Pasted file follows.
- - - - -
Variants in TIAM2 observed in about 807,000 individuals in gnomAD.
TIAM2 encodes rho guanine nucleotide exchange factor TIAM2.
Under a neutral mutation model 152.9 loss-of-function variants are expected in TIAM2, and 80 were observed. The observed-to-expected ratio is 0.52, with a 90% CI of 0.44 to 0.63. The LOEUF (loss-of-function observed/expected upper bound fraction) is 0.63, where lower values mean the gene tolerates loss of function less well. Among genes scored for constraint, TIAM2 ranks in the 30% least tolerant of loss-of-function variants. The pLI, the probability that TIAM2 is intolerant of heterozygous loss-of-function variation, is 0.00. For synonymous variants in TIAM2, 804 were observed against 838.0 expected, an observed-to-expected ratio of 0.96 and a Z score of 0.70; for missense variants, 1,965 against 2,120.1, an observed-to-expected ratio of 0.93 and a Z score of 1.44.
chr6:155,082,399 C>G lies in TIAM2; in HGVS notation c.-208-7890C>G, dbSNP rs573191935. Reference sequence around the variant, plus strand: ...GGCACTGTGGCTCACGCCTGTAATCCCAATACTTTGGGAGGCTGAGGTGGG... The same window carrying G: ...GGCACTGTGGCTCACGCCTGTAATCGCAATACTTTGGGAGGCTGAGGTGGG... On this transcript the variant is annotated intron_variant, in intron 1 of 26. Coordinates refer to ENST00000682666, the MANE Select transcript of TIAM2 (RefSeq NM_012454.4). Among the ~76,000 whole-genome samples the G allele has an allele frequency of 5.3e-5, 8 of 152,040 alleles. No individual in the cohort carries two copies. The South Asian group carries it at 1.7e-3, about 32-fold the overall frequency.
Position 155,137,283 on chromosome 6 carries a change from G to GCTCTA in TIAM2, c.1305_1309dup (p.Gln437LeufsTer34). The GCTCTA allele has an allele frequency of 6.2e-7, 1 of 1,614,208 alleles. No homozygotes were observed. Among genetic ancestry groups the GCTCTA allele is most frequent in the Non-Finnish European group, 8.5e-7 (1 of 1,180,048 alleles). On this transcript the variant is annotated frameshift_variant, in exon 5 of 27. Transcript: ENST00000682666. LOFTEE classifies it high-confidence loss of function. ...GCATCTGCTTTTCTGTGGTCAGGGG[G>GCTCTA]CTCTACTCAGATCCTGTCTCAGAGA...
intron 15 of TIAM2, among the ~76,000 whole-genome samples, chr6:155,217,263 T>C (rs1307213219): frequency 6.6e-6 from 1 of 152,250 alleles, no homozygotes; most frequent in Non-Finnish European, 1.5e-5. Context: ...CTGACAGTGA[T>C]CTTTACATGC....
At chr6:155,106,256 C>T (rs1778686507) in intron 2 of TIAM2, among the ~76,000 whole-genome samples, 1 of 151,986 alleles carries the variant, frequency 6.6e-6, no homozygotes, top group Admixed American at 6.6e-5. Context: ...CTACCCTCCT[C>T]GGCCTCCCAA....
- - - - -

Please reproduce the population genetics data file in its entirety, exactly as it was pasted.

Variants in TIAM2 observed in about 807,000 individuals in gnomAD.
TIAM2 encodes rho guanine nucleotide exchange factor TIAM2.
Under a neutral mutation model 152.9 loss-of-function variants are expected in TIAM2, and 80 were observed. The observed-to-expected ratio is 0.52, with a 90% CI of 0.44 to 0.63. The LOEUF (loss-of-function observed/expected upper bound fraction) is 0.63, where lower values mean the gene tolerates loss of function less well. Among genes scored for constraint, TIAM2 ranks in the 30% least tolerant of loss-of-function variants. The pLI, the probability that TIAM2 is intolerant of heterozygous loss-of-function variation, is 0.00. For synonymous variants in TIAM2, 804 were observed against 838.0 expected, an observed-to-expected ratio of 0.96 and a Z score of 0.70; for missense variants, 1,965 against 2,120.1, an observed-to-expected ratio of 0.93 and a Z score of 1.44.
chr6:155,082,399 C>G lies in TIAM2; in HGVS notation c.-208-7890C>G, dbSNP rs573191935. Reference sequence around the variant, plus strand: ...GGCACTGTGGCTCACGCCTGTAATCCCAATACTTTGGGAGGCTGAGGTGGG... The same window carrying G: ...GGCACTGTGGCTCACGCCTGTAATCGCAATACTTTGGGAGGCTGAGGTGGG... On this transcript the variant is annotated intron_variant, in intron 1 of 26. Coordinates refer to ENST00000682666, the MANE Select transcript of TIAM2 (RefSeq NM_012454.4). Among the ~76,000 whole-genome samples the G allele has an allele frequency of 5.3e-5, 8 of 152,040 alleles. No individual in the cohort carries two copies. The South Asian group carries it at 1.7e-3, about 32-fold the overall frequency.
Position 155,137,283 on chromosome 6 carries a change from G to GCTCTA in TIAM2, c.1305_1309dup (p.Gln437LeufsTer34). The GCTCTA allele has an allele frequency of 6.2e-7, 1 of 1,614,208 alleles. No homozygotes were observed. Among genetic ancestry groups the GCTCTA allele is most frequent in the Non-Finnish European group, 8.5e-7 (1 of 1,180,048 alleles). On this transcript the variant is annotated frameshift_variant, in exon 5 of 27. Transcript: ENST00000682666. LOFTEE classifies it high-confidence loss of function. ...GCATCTGCTTTTCTGTGGTCAGGGG[G>GCTCTA]CTCTACTCAGATCCTGTCTCAGAGA...
intron 15 of TIAM2, among the ~76,000 whole-genome samples, chr6:155,217,263 T>C (rs1307213219): frequency 6.6e-6 from 1 of 152,250 alleles, no homozygotes; most frequent in Non-Finnish European, 1.5e-5. Context: ...CTGACAGTGA[T>C]CTTTACATGC....
At chr6:155,106,256 C>T (rs1778686507) in intron 2 of TIAM2, among the ~76,000 whole-genome samples, 1 of 151,986 alleles carries the variant, frequency 6.6e-6, no homozygotes, top group Admixed American at 6.6e-5. Context: ...CTACCCTCCT[C>T]GGCCTCCCAA....